|The Ghost and Mrs. Muir (1947)|
Starring Rex Harrison and Gene Tierney
I always loved Rex Harrison in My Fair Lady, but I had no idea he was so hot looking 60 years ago. Check this out:
No wonder Mrs. Muir let him stay in her bedroom. (And, if you check out Gene Tierney, it's no wonder he wanted to. He was dead, not blind. She looks a little odd in the picture on the DVD box, but in the movie she's GORGEOUS.) This film totally confirms my opinion of romantic "comedies" in the '40s vs. those in the '50s, by the way. It's an utterly romantic movie, but she lives alone for at least forty years in it. She doesn't marry someone else just to have a husband, commit suicide to join her ghostly sort-of lover, or take up black magic in order to get him a body, or get "bailed out" by a handy/annoying plot twist. (Why couldn't Just Like Heaven manage something like that?) He even stops visiting her after the first year, to give her a chance to have a "normal" life (yes, apparently it's a scare quotes entry today), and there's no...well, there's no whining, or even much real implication that she needs a man, ghostly or otherwise, to be complete. Or if there was, it passed over my head, which is almost as good. None of the women from Three Coins in the Fountain would have dared to live in Gull Cottage even without any hint of a ghost. Brava, Mrs. Muir, and bravi to everyone else connected with this movie.
|Pas Sur la Bouche [Not On The Lips] (2003)|
Starring Sabine Azéma, Isabelle Nanty, Audrey Tautou, Pierre Arditi, Lambert Wilson, and Jalil Lespert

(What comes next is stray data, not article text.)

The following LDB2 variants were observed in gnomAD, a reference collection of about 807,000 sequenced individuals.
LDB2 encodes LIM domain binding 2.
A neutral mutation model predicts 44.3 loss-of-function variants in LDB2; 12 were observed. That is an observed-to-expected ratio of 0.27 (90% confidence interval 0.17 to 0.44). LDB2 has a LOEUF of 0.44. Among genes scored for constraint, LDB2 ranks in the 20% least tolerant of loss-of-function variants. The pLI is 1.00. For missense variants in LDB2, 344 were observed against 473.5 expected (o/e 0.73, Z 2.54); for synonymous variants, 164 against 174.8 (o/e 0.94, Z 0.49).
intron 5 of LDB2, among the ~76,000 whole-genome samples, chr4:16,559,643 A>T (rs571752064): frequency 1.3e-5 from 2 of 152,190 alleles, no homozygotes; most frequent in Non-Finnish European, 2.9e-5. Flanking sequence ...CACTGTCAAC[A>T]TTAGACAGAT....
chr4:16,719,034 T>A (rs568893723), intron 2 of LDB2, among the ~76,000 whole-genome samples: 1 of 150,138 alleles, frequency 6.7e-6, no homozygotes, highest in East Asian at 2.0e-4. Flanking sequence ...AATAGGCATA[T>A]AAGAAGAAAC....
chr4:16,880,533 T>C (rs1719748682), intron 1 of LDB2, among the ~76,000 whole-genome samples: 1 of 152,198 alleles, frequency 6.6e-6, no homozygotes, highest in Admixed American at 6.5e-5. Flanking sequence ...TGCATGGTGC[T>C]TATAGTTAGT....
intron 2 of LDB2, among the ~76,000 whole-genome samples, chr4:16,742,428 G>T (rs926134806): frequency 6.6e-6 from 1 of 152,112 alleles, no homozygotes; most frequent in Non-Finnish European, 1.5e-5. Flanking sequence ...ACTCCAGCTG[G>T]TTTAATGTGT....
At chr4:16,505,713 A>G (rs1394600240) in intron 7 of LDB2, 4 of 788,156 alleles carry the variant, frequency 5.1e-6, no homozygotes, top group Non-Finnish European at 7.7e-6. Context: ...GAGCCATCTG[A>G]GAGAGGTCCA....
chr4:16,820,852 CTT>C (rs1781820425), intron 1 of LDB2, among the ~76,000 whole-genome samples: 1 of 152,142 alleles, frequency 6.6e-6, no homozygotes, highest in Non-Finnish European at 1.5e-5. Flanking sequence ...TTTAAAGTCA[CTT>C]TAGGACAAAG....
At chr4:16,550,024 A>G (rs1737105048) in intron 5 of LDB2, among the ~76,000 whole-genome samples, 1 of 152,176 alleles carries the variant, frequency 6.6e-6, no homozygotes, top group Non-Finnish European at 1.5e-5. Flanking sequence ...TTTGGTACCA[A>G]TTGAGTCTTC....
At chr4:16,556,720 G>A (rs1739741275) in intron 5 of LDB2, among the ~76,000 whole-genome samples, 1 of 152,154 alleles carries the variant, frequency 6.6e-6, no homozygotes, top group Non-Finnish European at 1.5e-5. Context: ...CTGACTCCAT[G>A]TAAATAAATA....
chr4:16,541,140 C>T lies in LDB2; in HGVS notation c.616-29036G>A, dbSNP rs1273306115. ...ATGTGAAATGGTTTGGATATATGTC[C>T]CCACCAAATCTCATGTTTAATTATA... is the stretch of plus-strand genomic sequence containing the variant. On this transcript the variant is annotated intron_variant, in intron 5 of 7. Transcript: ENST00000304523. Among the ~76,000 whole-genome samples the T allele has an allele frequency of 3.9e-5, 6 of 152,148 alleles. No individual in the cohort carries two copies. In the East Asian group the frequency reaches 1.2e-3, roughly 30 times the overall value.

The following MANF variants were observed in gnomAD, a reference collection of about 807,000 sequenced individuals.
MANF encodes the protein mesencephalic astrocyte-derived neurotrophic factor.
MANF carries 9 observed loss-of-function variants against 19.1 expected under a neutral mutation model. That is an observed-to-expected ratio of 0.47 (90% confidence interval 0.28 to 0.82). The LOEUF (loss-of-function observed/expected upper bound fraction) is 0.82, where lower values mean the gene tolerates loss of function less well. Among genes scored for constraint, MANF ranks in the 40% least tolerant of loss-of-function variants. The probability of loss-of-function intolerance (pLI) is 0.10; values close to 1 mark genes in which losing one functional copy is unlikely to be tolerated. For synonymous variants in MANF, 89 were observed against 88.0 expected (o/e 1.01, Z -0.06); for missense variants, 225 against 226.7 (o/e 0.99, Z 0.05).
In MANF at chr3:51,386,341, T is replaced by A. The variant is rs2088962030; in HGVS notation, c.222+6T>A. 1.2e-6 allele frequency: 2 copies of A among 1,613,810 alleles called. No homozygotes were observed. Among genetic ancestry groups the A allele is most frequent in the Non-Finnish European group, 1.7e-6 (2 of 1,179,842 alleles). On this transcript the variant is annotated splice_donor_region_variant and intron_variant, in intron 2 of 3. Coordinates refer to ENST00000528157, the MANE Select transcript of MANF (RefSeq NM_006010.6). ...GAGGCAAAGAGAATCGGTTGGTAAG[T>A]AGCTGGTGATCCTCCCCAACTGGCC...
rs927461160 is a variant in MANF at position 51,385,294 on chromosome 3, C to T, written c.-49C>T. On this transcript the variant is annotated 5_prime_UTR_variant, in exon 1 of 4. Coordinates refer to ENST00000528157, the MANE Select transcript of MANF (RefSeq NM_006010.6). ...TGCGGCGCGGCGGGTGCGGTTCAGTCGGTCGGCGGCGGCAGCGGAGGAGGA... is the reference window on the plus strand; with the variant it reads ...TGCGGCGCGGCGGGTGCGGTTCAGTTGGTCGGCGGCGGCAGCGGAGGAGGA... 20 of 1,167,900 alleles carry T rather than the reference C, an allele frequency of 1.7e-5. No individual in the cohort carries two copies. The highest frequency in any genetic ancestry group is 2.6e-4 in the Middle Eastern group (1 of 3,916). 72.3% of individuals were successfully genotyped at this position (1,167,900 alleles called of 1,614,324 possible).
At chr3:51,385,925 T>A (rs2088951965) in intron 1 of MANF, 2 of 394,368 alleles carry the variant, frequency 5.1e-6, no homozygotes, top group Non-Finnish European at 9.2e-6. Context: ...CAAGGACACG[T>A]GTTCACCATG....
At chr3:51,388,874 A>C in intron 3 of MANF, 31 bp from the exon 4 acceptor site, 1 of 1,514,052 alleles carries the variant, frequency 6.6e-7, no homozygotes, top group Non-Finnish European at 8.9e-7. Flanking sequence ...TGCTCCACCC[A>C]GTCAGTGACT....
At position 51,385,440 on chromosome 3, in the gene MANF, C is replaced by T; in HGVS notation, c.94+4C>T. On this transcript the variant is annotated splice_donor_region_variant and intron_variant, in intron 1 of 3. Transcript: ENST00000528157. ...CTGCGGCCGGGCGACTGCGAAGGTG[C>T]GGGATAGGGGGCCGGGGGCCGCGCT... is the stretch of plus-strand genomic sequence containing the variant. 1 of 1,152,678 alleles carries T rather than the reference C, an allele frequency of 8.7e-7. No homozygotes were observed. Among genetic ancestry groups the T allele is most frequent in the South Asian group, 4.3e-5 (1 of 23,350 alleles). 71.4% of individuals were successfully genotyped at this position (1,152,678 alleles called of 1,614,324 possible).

This was adorable, really. I didn't necessarily want to sing along with the songs, but I do love that whole '20s/'30s upper-class dissipation thing, and this movie captured it perfectly without ever becoming the least bit cynical or enervated. In fact, I'd have to call the whole thing frankly charming.
|Kuch Naa Kaho (2003)|
Starring Aishwarya Rai and Abhishek Bachchan
Hee! This movie was so great -- everything I wanted and more. I enjoyed every bit of it, even the (heh) monsoon slip'n'slide. Well, okay -- the dances and songs dragged a bit, IMHO. Veer-Zaara's were better. But all the rest? Bollywood fun to perfection. And, thank god, not only was the hero actually hot instead of theoretically hot, but he wasn't Sharukh Khan! Hallelujah!
Starring Aishwarya Rai and Ajay Devgan
This was not at all what I was expecting, but I can't say it wasn't a good movie. It was very O. Henry, and not Bollywood at all (to my eyes, anyway). Just...unexpected. Well done, though.
|I Capture the Castle (2003)|
Starring Romola Garai, Rose Byrne, Bill Nighy, Henry Thomas, Marc Blucas, and Tara Fitzgerald
Awwww. You knew I'd love this movie, and I so did. Except...Henry Cavill was both incredibly hot and adorable as Stephen, and he ended up as the only one who didn't get a shot at Life With The One He Loves. I so wanted Stephen to get a better ending. But he didn't end badly, really, he just didn't get Cassandra, poor guy, and he's probably well out of that, no matter how incredible Romola Garai's skin was. But -- quite a good little movie, and I very much enjoyed it. Anyone impatient with the British trying-to-be-upper-class or the rich of any nation during the '30s would be well advised to steer clear, though.
Starring Preity Zinta, Shahrukh Khan, and Rani Mukherjee
Shahrukh Khan's terrible "palsied" aging and the incredibly cheesy court-applause scene at the end notwithstanding, I loved this movie, and I may have to buy it even if it is $30.00 or something. The scenery? Breathtaking. The dancing? Fabulous -- and fun! and colorful! Preity Zinta? Could. Not. Tear. my eyes away. And the dedicated young female kick-ass lawyer -- very awesome, and a beautiful young woman in a movie without a love-plot of her own. Well done, Yash Chopra. I also really liked the depiction of interplay between India and Pakistan -- no doubt very idealized, but it seemed more hopeful than anything else. I'm pretty much always open to the message that ordinary people need not be entangled in the divisions caused and endorsed by their governments. And I loved, loved, all the scenes where Veer is showing Zaara the Indian countryside. *sigh* I want to see this again.